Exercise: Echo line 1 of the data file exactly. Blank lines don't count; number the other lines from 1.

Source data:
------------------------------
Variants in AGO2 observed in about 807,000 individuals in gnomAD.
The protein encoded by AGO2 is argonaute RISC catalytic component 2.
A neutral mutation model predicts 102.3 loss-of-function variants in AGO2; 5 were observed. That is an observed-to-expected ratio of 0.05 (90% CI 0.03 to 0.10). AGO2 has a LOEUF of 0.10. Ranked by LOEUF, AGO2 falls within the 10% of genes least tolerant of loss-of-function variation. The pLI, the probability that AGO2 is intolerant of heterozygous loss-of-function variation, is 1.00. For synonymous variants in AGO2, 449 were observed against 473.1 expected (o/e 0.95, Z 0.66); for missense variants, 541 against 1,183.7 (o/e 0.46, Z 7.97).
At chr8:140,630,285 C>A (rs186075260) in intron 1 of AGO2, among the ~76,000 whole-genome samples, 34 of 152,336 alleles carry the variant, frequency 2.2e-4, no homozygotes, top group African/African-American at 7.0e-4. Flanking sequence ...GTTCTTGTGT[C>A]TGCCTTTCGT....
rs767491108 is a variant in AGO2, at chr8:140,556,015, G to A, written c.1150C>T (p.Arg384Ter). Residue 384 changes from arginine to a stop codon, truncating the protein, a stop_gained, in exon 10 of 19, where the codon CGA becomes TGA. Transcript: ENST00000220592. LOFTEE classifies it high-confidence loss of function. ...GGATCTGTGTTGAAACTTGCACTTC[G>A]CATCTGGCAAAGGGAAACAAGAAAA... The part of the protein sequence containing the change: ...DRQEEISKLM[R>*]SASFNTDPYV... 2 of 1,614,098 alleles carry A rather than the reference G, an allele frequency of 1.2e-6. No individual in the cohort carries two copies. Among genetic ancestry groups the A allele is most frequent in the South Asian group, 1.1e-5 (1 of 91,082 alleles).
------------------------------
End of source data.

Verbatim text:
Variants in AGO2 observed in about 807,000 individuals in gnomAD.